If you happen to love stargazing or bird-watching or simply wish to take a closer look at the moon, then binoculars are probably your favourite thing in the world. Without so much as moving a muscle, you get to see things up close. Even if none of these activities tickles your fancy, you can still make good use of a pair of binoculars on that sightseeing trip.
But, what’s the working mechanism of binoculars? In particular, autofocus binoculars are all the rage these days. So, how do autofocus binoculars work? We will take a close look at them in this piece.
Here is a list of our top 3 auto focus binoculars:
- Steiner Military 8×30 Waterproof Binoculars
- Bushnell 10×50 Waterproof Binoculars
- Steiner 7X50 Navigator Pro Binoculars
The working mechanism of binoculars
Binoculars make use of lenses that are fitted at the end of each barrel. One is the objective lens that focuses on the object being looked at, and the other is the eyepiece lens which provides the final image to the human eye.
The objective lens receives light from the object that the user is viewing and passes it into the eyepiece lens to form a clear image. This is then magnified by the eyepiece lens for the user to view things at close quarters.
The most common type of binoculars is prism binoculars. They make use of convex lenses both for the eyepiece and objective lens to create a prism system that is incorporated into the optical path. As a result, the inverted image produced by the objective lens is rectified and the user is able to clearly look at their intended object.
The prism binoculars are further classified into Porro prism binoculars and roof binoculars. Yet more types include wide-angle binoculars, foldable binoculars, waterproof binoculars, focus-free binoculars, high-powered binoculars, and night vision binoculars.
What are autofocus binoculars?
Manufacturers use a number of different terms for them. They are called self-focusing binoculars, permanently focused binoculars, and constant focus binoculars. These types of binoculars are permanently adjusted for a medium distance. This is normally 30 to 60 feet.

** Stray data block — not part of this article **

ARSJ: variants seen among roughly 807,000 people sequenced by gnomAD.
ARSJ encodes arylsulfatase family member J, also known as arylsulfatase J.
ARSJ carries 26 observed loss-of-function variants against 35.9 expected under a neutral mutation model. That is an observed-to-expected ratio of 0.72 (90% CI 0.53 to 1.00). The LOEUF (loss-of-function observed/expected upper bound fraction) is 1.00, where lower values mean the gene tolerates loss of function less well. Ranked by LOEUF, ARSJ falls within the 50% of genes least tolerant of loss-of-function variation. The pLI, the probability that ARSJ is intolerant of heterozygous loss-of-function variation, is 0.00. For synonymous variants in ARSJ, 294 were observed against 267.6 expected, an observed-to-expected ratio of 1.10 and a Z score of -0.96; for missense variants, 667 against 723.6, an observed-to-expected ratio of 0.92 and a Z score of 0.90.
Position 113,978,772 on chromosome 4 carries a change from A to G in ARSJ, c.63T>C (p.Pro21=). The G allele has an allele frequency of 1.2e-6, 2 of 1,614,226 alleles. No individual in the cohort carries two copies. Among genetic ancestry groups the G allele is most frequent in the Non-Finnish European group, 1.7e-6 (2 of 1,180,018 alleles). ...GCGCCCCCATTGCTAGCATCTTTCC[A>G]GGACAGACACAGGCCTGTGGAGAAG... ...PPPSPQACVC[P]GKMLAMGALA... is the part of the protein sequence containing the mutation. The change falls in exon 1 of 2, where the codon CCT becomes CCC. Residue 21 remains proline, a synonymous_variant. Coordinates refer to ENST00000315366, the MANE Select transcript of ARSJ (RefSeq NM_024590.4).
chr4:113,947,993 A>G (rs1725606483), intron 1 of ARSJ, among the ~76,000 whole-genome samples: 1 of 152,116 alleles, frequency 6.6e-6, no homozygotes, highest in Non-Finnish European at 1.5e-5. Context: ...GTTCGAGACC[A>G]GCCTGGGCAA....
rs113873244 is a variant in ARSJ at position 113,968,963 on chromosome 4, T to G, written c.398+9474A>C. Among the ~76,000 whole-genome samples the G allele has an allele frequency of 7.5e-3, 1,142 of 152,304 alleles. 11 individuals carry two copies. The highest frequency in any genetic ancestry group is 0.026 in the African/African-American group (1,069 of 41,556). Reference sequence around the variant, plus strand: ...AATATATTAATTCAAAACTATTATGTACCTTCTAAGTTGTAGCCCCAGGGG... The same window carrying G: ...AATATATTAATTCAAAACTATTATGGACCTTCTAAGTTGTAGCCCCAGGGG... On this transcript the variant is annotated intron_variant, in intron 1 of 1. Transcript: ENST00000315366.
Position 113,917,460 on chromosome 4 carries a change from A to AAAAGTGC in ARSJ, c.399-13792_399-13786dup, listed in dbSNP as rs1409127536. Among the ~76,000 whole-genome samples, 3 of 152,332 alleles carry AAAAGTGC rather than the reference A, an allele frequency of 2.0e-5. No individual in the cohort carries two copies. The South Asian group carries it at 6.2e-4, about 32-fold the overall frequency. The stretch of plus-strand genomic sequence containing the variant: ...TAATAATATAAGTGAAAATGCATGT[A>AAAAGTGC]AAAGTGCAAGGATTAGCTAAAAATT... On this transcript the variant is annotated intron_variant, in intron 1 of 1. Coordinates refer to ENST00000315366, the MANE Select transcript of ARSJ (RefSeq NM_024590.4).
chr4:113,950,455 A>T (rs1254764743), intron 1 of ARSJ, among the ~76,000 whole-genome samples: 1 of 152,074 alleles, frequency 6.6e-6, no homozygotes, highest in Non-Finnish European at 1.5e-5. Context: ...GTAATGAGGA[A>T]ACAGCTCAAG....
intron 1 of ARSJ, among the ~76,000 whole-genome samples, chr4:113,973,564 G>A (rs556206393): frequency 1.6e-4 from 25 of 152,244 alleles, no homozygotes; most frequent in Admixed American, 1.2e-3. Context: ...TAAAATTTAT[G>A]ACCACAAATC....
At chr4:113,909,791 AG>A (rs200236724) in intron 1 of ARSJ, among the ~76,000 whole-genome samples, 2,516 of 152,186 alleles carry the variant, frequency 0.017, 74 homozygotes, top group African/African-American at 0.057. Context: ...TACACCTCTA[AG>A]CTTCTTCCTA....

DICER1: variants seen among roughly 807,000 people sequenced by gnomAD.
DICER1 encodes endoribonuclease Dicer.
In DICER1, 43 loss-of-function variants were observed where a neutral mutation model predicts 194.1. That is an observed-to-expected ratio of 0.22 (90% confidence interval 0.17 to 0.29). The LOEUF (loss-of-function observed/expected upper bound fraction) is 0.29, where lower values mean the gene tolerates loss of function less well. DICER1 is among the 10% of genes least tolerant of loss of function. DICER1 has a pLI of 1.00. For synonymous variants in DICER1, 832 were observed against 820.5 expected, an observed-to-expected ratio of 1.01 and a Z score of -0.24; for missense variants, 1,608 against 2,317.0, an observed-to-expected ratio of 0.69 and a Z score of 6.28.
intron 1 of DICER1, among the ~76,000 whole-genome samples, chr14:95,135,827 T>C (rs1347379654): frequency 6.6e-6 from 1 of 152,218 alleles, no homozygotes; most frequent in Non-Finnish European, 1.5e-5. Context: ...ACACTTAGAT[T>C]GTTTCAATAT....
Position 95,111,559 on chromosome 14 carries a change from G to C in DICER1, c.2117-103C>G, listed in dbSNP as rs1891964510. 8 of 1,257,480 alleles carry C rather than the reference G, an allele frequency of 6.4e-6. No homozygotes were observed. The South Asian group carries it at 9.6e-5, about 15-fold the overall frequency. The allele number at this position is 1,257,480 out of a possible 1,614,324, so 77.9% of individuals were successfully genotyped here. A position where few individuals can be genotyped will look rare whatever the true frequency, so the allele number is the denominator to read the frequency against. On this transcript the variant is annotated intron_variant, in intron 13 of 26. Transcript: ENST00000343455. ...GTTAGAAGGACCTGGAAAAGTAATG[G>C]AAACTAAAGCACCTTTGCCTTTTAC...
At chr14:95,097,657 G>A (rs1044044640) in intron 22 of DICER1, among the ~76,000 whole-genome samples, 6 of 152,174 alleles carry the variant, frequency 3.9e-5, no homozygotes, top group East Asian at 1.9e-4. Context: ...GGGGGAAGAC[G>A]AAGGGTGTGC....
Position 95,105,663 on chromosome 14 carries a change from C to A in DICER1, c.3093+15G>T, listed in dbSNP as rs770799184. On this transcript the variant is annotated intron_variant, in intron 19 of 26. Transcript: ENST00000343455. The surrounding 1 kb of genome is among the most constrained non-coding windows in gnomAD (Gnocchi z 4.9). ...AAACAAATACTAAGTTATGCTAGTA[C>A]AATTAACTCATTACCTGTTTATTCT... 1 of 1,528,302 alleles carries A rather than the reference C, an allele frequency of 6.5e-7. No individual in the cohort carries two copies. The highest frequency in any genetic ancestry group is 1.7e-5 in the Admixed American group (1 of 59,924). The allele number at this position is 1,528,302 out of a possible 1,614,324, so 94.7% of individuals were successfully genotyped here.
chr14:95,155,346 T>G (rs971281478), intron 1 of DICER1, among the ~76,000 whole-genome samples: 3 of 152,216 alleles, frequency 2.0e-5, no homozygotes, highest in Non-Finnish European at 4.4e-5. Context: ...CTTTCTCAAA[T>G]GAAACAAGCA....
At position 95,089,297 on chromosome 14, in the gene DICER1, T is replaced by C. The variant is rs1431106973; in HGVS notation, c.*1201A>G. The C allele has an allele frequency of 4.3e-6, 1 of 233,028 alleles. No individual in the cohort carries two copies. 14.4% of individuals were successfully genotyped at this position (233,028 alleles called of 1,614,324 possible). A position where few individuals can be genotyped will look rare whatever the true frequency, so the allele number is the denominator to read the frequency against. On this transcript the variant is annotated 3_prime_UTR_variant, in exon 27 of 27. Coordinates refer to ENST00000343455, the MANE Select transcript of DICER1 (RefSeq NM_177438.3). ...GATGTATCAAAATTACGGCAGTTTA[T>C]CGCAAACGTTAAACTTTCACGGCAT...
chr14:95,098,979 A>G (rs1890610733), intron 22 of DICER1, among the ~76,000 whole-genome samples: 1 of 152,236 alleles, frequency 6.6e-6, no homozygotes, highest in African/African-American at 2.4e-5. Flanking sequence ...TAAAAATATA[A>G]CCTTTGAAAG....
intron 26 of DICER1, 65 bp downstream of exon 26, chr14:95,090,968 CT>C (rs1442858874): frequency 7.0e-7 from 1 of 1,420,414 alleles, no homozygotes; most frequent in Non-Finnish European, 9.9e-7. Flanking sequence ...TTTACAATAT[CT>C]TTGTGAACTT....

Autofocus binoculars are especially well-suited for use in a sports arena/stadium to witness exciting competitions up close. If this is what you will be mainly using your binoculars for where you don’t have to stare through them for long periods of time, then you will undoubtedly be very happy with the result that you get with them.
Autofocus binocular design
If you are interested in this particular type of binoculars, they come in two different autofocus designs. In the first one, there is no option for adjusting either barrel of the binoculars. The second design often gets mistaken for an individual focus pair of binoculars because you have the option of adjusting and focusing both barrels separately.
Which design you should go for will depend on your usage frequency. If you won’t be using your pair of binoculars very frequently, then the first design should work for you more or less. However, on the whole, the second design is much easier and pleasurable to use while the provided view will also be significantly better.
Do autofocus binoculars really focus automatically?
The simple answer to this question is “no.” Technically speaking, autofocus binoculars do not have an inherent automatic or self-focus mechanism. So, in that sense, the term “autofocus binoculars” can even be considered somewhat misleading.
More accurate terms would be focus-free binoculars, fixed focus binoculars, or always-in-focus binoculars. Generally speaking, there is no focusing mechanism in these types of binoculars because they are designed to possess a fixed depth of view which is usually from around 30 feet up to infinity.
You can say that these binoculars cover a very big hyper-focal distance. In other words, everything from about 30 feet going up to infinity will remain in focus with these types of binoculars. However, these instruments normally come with a diopter adjustment that can be made to the eyepieces, which means that minor alterations can be made to the focus of such binoculars.
Individual focusing binoculars
These types of binoculars are somewhat different from fixed-focus binoculars in that they do not possess a single-focus wheel or knob which allows for simultaneous adjustment of the focus on both barrels. This is the normal mechanism that is in use and that most people are familiar with. However, individual focus binoculars work on a somewhat different principle.